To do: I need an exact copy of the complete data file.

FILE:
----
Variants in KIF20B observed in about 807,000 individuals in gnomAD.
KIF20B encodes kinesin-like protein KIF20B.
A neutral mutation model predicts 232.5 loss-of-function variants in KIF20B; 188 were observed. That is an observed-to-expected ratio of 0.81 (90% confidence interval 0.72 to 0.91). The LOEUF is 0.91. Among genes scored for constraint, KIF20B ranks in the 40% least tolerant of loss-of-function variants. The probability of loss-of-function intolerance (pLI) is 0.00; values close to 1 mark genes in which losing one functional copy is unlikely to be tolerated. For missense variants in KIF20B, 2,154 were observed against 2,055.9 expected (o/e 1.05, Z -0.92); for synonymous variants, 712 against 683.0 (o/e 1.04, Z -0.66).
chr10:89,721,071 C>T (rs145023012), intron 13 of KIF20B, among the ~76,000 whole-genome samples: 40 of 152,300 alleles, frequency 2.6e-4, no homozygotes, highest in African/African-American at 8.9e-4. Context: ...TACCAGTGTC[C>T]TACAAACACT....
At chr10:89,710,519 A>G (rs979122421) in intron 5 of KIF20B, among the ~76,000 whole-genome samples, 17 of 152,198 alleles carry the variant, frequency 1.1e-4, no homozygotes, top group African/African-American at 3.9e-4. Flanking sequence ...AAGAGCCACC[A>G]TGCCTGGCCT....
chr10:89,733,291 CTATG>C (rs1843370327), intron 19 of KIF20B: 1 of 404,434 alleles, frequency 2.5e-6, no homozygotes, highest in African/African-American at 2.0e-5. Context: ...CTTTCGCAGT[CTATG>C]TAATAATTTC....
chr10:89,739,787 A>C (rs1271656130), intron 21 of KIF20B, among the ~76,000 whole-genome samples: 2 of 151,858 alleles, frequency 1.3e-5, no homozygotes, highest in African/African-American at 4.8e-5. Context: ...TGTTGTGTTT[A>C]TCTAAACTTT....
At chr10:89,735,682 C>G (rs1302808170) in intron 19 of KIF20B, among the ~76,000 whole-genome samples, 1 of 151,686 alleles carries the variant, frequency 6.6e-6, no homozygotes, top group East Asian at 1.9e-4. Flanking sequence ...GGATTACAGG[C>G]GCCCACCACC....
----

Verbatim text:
Variants in KIF20B observed in about 807,000 individuals in gnomAD.
KIF20B encodes kinesin-like protein KIF20B.
A neutral mutation model predicts 232.5 loss-of-function variants in KIF20B; 188 were observed. That is an observed-to-expected ratio of 0.81 (90% confidence interval 0.72 to 0.91). The LOEUF is 0.91. Among genes scored for constraint, KIF20B ranks in the 40% least tolerant of loss-of-function variants. The probability of loss-of-function intolerance (pLI) is 0.00; values close to 1 mark genes in which losing one functional copy is unlikely to be tolerated. For missense variants in KIF20B, 2,154 were observed against 2,055.9 expected (o/e 1.05, Z -0.92); for synonymous variants, 712 against 683.0 (o/e 1.04, Z -0.66).
chr10:89,721,071 C>T (rs145023012), intron 13 of KIF20B, among the ~76,000 whole-genome samples: 40 of 152,300 alleles, frequency 2.6e-4, no homozygotes, highest in African/African-American at 8.9e-4. Context: ...TACCAGTGTC[C>T]TACAAACACT....
At chr10:89,710,519 A>G (rs979122421) in intron 5 of KIF20B, among the ~76,000 whole-genome samples, 17 of 152,198 alleles carry the variant, frequency 1.1e-4, no homozygotes, top group African/African-American at 3.9e-4. Flanking sequence ...AAGAGCCACC[A>G]TGCCTGGCCT....
chr10:89,733,291 CTATG>C (rs1843370327), intron 19 of KIF20B: 1 of 404,434 alleles, frequency 2.5e-6, no homozygotes, highest in African/African-American at 2.0e-5. Context: ...CTTTCGCAGT[CTATG>C]TAATAATTTC....
chr10:89,739,787 A>C (rs1271656130), intron 21 of KIF20B, among the ~76,000 whole-genome samples: 2 of 151,858 alleles, frequency 1.3e-5, no homozygotes, highest in African/African-American at 4.8e-5. Context: ...TGTTGTGTTT[A>C]TCTAAACTTT....
At chr10:89,735,682 C>G (rs1302808170) in intron 19 of KIF20B, among the ~76,000 whole-genome samples, 1 of 151,686 alleles carries the variant, frequency 6.6e-6, no homozygotes, top group East Asian at 1.9e-4. Flanking sequence ...GGATTACAGG[C>G]GCCCACCACC....